Baseball America Executive Editor Jim Callis was recently kind enough to answer some questions that I had in regard to the Yankees farm system and recent drafts. Here they are:
WasWatching.com: Has the general opinion regarding the state of the Yankees farm system changed in the past year? If so, how has it changed, and why?
Jim Callis: Not much, really. Their ranking is going to take somewhat of a hit because Joba Chamberlain and Ian Kennedy have lost their prospect status (by exceeding rookie playing thresholds), and Brett Gardner and Ross Ohlendorf may as well. Jose Tabata has lost a little of his luster, too. But they still have a lot of pitching depth, and they still don’t have many position players to get excited about. Austin Jackson and Jesus Montero are the two best.
WasWatching.com: How would you grade the Yankees draft of 2008? If you had to rank the Yankees’ drafts of 2006, 2007, and 2008, what order would you rank them in – from best to worst? Why would you rank them in that order?
Jim Callis: First, I’ll have to throw out the standard caveat that it’s impossible to know exactly how good a draft is until five years down the road, and 2008 is tough because they haven’t signed everyone yet. That never stops us from ranking drafts, though, so here goes.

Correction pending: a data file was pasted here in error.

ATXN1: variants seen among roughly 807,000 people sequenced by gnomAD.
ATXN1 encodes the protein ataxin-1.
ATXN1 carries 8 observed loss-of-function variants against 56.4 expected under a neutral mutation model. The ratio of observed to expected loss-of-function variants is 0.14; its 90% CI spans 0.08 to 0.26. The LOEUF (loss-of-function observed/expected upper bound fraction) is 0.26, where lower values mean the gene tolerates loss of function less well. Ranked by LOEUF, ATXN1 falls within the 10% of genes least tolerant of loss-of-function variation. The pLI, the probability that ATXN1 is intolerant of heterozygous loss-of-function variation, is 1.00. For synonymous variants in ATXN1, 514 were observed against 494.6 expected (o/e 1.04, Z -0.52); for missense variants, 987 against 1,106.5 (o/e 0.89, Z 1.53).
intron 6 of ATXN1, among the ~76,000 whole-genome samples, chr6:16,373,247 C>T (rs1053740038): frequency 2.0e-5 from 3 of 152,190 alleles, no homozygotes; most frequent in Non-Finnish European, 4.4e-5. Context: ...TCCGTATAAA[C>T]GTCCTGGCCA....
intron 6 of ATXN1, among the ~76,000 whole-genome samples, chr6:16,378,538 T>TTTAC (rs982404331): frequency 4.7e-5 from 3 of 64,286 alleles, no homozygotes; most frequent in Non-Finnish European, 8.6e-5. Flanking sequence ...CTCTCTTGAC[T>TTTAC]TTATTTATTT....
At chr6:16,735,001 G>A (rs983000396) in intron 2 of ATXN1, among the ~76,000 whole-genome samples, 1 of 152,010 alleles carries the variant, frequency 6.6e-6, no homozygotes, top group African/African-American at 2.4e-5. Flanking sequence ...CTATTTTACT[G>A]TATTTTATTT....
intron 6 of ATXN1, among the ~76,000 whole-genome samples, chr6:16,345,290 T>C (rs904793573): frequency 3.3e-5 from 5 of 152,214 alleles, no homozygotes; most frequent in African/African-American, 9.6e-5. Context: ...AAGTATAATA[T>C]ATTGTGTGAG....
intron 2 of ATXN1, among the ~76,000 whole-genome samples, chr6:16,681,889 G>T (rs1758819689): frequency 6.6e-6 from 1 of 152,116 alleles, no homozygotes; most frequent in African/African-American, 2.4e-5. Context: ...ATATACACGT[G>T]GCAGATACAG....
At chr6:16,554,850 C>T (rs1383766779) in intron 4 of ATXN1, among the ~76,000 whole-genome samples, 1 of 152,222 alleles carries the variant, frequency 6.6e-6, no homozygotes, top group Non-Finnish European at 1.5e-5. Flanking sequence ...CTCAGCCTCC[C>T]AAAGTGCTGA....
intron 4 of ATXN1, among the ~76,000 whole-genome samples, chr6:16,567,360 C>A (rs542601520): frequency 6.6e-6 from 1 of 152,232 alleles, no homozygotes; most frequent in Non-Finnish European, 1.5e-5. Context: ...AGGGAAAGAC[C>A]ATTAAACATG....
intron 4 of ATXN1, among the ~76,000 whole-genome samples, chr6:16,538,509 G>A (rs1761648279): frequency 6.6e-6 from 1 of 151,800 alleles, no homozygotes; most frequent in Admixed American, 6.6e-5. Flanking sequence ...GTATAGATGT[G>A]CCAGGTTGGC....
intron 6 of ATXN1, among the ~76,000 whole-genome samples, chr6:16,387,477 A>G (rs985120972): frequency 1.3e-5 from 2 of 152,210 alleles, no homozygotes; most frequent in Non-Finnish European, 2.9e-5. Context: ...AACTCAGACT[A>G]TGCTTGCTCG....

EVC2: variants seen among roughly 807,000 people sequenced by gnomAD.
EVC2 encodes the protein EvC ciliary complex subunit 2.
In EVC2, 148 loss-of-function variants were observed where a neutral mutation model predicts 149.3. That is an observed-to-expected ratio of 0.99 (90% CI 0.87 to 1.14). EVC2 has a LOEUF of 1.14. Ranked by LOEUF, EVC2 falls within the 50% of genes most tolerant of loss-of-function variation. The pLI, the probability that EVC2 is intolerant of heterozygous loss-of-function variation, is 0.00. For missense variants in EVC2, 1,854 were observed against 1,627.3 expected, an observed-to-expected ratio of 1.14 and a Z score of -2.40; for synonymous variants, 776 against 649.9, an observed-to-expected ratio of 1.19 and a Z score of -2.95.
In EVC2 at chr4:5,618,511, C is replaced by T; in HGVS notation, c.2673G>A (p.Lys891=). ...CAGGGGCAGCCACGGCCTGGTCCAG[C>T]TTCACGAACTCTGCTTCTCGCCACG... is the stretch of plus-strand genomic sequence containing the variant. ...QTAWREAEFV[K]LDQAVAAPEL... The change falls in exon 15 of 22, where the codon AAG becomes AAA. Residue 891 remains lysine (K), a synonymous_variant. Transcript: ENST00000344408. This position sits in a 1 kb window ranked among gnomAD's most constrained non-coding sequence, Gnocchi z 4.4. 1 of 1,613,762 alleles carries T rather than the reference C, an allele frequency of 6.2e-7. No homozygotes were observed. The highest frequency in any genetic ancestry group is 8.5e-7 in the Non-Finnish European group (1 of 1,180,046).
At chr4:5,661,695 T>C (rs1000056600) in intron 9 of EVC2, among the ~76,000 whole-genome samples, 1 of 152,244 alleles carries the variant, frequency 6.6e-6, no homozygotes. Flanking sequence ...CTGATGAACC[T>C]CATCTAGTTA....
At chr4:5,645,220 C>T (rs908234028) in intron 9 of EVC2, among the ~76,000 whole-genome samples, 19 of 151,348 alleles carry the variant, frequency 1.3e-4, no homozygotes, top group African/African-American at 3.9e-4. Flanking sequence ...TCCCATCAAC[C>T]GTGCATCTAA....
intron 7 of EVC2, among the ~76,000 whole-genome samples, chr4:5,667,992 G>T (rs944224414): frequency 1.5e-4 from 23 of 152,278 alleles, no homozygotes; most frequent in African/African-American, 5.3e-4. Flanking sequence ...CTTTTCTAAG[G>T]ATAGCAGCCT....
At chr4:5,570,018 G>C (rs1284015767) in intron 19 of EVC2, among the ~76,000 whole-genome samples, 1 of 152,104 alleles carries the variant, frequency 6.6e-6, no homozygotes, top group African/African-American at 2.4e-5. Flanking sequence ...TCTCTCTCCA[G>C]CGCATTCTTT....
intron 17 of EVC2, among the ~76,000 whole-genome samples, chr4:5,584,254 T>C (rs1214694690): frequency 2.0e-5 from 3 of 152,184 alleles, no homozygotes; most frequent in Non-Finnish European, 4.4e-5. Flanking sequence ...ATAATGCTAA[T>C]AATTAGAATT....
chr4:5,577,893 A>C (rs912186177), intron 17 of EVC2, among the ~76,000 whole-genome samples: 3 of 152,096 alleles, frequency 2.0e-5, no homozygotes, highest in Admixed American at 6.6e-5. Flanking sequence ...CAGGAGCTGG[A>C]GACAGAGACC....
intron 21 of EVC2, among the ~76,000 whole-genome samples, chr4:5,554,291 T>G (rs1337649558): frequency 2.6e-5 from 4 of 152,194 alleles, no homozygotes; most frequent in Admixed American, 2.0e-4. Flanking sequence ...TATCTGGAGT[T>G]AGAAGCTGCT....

2006 is clearly the best, with Kennedy and Chamberlain at the top, and then several more interesting guys like Zach McAllister, Dellin Betances, Mark Melancon, Daniel McCutchen and David Robertson.
The last two drafts haven’t blown me away. They’ve signed guys for what I thought was over market value (sometimes well over market value), so I don’t think they’re going to get as much bang for their buck as they did in 2006. Assuming they sign everyone, I’d give 2008 a slight edge over 2007 if I had to pick, but they’re a tossup.
WasWatching.com: Which players in the Yankees farm system have seen their prospect status rise and fall the most in the last year? Why has their “stock” gone up or down?
Jim Callis: Jackson and Montero were already highly regarded, so I’m not sure if their stock has risen the most, but it is on the upswing. I’m still not sold that Montero is a catcher, though. Robertson, McCutchen and McAllister have all helped themselves. The Yankees knew they had good arms and they’re performing better. I think the guy whose stock has taken the biggest hit is Tabata. He’s still young a good prospect, but the repeated injuries and immaturity and the lack of power are frustrating.
My thanks to Jim Callis for his time on these questions – and for allowing me to share them here.